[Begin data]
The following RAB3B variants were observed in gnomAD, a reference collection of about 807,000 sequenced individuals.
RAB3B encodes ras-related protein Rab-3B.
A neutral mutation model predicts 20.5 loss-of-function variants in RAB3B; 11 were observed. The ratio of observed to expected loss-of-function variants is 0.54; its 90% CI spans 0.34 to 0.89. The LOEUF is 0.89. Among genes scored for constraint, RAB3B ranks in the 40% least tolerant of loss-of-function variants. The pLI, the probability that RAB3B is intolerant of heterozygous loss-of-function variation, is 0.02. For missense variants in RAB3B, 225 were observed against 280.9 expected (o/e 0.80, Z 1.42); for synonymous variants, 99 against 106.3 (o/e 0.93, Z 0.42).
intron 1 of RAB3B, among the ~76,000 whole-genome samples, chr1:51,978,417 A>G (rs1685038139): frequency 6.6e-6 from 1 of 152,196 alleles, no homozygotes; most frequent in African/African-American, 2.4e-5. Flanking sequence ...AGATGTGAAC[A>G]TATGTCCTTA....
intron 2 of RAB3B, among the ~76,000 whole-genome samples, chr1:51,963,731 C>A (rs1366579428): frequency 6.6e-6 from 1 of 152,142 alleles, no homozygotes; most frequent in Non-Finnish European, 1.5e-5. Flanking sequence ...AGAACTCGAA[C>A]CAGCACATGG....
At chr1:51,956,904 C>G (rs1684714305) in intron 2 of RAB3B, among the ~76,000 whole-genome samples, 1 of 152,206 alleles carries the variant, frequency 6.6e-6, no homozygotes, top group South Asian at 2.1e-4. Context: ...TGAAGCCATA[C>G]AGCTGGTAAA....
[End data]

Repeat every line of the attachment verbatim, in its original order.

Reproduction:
The following RAB3B variants were observed in gnomAD, a reference collection of about 807,000 sequenced individuals.
RAB3B encodes ras-related protein Rab-3B.
A neutral mutation model predicts 20.5 loss-of-function variants in RAB3B; 11 were observed. The ratio of observed to expected loss-of-function variants is 0.54; its 90% CI spans 0.34 to 0.89. The LOEUF is 0.89. Among genes scored for constraint, RAB3B ranks in the 40% least tolerant of loss-of-function variants. The pLI, the probability that RAB3B is intolerant of heterozygous loss-of-function variation, is 0.02. For missense variants in RAB3B, 225 were observed against 280.9 expected (o/e 0.80, Z 1.42); for synonymous variants, 99 against 106.3 (o/e 0.93, Z 0.42).
intron 1 of RAB3B, among the ~76,000 whole-genome samples, chr1:51,978,417 A>G (rs1685038139): frequency 6.6e-6 from 1 of 152,196 alleles, no homozygotes; most frequent in African/African-American, 2.4e-5. Flanking sequence ...AGATGTGAAC[A>G]TATGTCCTTA....
intron 2 of RAB3B, among the ~76,000 whole-genome samples, chr1:51,963,731 C>A (rs1366579428): frequency 6.6e-6 from 1 of 152,142 alleles, no homozygotes; most frequent in Non-Finnish European, 1.5e-5. Flanking sequence ...AGAACTCGAA[C>A]CAGCACATGG....
At chr1:51,956,904 C>G (rs1684714305) in intron 2 of RAB3B, among the ~76,000 whole-genome samples, 1 of 152,206 alleles carries the variant, frequency 6.6e-6, no homozygotes, top group South Asian at 2.1e-4. Context: ...TGAAGCCATA[C>G]AGCTGGTAAA....